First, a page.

But the idea of paying teachers considerably more than they make now is not just based on attracting them to the profession. It’s also about keeping them in the profession. We’ve all seen dozens of reports that about half of all teachers quit the profession within five years. And even if this is statistically exaggerated, or inaccurate, even 25% is too many. We can’t sustain professional growth and development this way. And if fewer are entering the profession, these numbers will have an even larger impact.
However, what I mean by all of this is that we need to transform the job. If we pay teachers what they deserve (and believe good ones are worth more than we could ever pay), we can truly redefine the profession - and ultimately the experience for our students.
All of us have known for a long time that great teachers do a whole host of things naturally. The problem is that many of these things are left up to those that choose to be great. We’ve allowed great to be an option and not an expectation. And the great ones have done this without compensation from the system. Indeed, they often have to work around the system in order to be great and serve students.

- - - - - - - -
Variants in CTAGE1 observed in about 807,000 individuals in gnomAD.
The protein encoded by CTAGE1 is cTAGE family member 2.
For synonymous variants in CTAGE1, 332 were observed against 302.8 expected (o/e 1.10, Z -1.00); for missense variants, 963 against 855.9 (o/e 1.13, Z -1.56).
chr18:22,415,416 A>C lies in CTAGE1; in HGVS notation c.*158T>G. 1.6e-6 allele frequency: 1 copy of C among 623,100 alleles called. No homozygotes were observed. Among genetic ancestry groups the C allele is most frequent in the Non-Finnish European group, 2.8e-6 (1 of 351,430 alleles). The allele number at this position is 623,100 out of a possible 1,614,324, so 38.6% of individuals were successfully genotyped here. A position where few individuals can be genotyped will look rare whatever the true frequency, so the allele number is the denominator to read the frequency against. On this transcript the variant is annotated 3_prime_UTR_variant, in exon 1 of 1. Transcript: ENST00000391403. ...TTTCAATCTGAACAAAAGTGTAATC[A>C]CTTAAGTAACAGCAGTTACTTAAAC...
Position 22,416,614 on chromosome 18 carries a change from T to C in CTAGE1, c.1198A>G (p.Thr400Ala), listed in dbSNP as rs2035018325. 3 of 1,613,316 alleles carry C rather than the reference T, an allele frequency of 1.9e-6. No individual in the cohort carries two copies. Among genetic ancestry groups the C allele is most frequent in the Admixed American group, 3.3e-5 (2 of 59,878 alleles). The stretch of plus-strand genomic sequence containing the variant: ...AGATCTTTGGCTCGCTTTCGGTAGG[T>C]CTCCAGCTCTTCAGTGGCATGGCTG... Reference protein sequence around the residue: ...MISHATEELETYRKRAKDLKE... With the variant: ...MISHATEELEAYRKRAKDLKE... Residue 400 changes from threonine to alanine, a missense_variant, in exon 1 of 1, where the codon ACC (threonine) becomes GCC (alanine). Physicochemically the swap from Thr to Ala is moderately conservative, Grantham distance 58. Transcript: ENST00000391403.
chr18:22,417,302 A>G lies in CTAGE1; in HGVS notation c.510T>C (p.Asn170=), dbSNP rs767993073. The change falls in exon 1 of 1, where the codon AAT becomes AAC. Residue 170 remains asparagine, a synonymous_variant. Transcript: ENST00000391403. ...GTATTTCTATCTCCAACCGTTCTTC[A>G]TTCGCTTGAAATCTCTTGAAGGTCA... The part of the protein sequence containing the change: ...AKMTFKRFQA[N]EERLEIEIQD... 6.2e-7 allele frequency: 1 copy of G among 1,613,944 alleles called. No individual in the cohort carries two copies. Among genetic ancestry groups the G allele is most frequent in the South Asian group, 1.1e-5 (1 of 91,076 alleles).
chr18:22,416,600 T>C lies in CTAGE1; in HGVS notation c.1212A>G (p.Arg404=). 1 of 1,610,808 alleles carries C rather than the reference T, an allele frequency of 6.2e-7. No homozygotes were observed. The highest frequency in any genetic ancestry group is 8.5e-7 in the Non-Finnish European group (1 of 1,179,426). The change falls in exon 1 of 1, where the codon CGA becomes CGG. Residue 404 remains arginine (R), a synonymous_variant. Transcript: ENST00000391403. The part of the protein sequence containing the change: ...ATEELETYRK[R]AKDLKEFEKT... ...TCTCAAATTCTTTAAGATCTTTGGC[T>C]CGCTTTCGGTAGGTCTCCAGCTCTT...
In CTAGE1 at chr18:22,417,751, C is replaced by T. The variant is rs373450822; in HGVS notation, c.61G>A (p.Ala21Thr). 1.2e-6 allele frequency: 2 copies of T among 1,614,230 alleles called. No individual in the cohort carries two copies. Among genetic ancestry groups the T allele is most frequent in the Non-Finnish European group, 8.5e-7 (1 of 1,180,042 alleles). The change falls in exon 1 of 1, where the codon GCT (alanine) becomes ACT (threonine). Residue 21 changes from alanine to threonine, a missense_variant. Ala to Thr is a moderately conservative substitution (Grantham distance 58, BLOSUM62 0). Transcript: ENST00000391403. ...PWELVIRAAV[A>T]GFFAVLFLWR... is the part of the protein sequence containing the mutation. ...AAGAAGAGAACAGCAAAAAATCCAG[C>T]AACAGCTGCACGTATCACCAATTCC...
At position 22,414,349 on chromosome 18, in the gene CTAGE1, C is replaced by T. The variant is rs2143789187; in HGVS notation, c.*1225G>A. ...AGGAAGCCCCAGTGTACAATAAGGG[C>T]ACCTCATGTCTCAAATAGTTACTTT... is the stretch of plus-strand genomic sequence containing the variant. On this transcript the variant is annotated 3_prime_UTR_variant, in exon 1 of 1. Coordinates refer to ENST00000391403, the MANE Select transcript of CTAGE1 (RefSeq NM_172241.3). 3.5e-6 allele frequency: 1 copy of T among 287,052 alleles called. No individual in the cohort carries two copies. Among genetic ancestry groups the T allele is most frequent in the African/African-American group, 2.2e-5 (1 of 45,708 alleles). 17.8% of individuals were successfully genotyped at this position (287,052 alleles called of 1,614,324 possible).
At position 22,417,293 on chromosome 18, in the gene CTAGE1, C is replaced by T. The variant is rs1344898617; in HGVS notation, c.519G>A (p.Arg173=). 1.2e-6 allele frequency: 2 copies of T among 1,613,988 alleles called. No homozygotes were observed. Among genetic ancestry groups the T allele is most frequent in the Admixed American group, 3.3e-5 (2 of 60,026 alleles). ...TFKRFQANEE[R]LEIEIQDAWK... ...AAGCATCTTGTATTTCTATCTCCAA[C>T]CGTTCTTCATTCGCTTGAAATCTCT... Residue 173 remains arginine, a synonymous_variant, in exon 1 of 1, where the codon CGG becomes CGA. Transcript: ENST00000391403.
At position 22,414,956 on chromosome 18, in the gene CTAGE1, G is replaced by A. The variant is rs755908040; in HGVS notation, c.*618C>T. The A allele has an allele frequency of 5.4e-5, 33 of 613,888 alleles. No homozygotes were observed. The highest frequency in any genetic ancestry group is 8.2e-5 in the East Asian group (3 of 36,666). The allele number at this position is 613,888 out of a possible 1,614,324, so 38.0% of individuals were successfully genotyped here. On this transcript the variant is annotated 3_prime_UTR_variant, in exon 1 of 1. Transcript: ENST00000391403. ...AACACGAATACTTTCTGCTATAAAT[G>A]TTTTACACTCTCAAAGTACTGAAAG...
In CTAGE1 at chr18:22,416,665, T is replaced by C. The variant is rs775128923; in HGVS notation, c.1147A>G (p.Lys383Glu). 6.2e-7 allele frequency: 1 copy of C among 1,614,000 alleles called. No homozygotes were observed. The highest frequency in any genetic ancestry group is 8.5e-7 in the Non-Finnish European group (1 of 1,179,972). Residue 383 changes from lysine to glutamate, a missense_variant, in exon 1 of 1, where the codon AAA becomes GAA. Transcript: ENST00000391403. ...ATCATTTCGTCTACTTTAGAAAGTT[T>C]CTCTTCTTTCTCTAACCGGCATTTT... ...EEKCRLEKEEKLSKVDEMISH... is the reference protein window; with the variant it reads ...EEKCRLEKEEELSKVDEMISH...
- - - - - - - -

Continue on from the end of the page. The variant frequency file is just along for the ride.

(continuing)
As we know, the world is in the process of dramatic change and transformation. Our students truly need a new type of educational experience. It is going need to be one that is more specialized, technical, creative, innovative, personalized and dynamic. In order to do that, we need teachers who are going to accept and embrace a new professional challenge. And here it is:
We have struggled for years to define what an “exceptional” teacher really looks and acts like. Let’s not dance around it and redefine it for this new economy and educational demands.
Again, let’s acknowledge that the majority of teachers are hard working, sincere folks who have the best intentions in mind. However, we also know that the sometimes cliched teacher, often portrayed in modern culture through films and TV as a quintessential government employee - more concerned with their own rights vs. student success - does exist.
So, let’s lay out the expectation of a successful and well-compensated 21st century teacher. Here is at least the start of a list (feel free to add on or amend):